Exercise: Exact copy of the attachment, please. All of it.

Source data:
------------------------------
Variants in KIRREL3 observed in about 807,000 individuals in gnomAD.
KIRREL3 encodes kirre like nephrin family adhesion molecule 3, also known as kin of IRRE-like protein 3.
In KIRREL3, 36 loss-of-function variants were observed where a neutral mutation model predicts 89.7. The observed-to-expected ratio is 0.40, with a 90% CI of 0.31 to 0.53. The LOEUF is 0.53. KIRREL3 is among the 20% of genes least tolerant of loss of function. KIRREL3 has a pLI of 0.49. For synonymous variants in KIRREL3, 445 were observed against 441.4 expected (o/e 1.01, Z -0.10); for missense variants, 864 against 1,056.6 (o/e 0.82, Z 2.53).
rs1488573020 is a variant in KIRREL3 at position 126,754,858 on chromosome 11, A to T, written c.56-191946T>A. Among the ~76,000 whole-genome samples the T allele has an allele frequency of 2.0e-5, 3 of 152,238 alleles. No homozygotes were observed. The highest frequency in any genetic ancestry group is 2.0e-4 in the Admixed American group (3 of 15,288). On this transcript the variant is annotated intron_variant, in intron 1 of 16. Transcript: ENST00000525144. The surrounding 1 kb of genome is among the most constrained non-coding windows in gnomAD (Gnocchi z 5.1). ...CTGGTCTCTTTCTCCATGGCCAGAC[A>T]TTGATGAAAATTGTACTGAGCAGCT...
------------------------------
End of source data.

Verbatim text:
Variants in KIRREL3 observed in about 807,000 individuals in gnomAD.
KIRREL3 encodes kirre like nephrin family adhesion molecule 3, also known as kin of IRRE-like protein 3.
In KIRREL3, 36 loss-of-function variants were observed where a neutral mutation model predicts 89.7. The observed-to-expected ratio is 0.40, with a 90% CI of 0.31 to 0.53. The LOEUF is 0.53. KIRREL3 is among the 20% of genes least tolerant of loss of function. KIRREL3 has a pLI of 0.49. For synonymous variants in KIRREL3, 445 were observed against 441.4 expected (o/e 1.01, Z -0.10); for missense variants, 864 against 1,056.6 (o/e 0.82, Z 2.53).
rs1488573020 is a variant in KIRREL3 at position 126,754,858 on chromosome 11, A to T, written c.56-191946T>A. Among the ~76,000 whole-genome samples the T allele has an allele frequency of 2.0e-5, 3 of 152,238 alleles. No homozygotes were observed. The highest frequency in any genetic ancestry group is 2.0e-4 in the Admixed American group (3 of 15,288). On this transcript the variant is annotated intron_variant, in intron 1 of 16. Transcript: ENST00000525144. The surrounding 1 kb of genome is among the most constrained non-coding windows in gnomAD (Gnocchi z 5.1). ...CTGGTCTCTTTCTCCATGGCCAGAC[A>T]TTGATGAAAATTGTACTGAGCAGCT...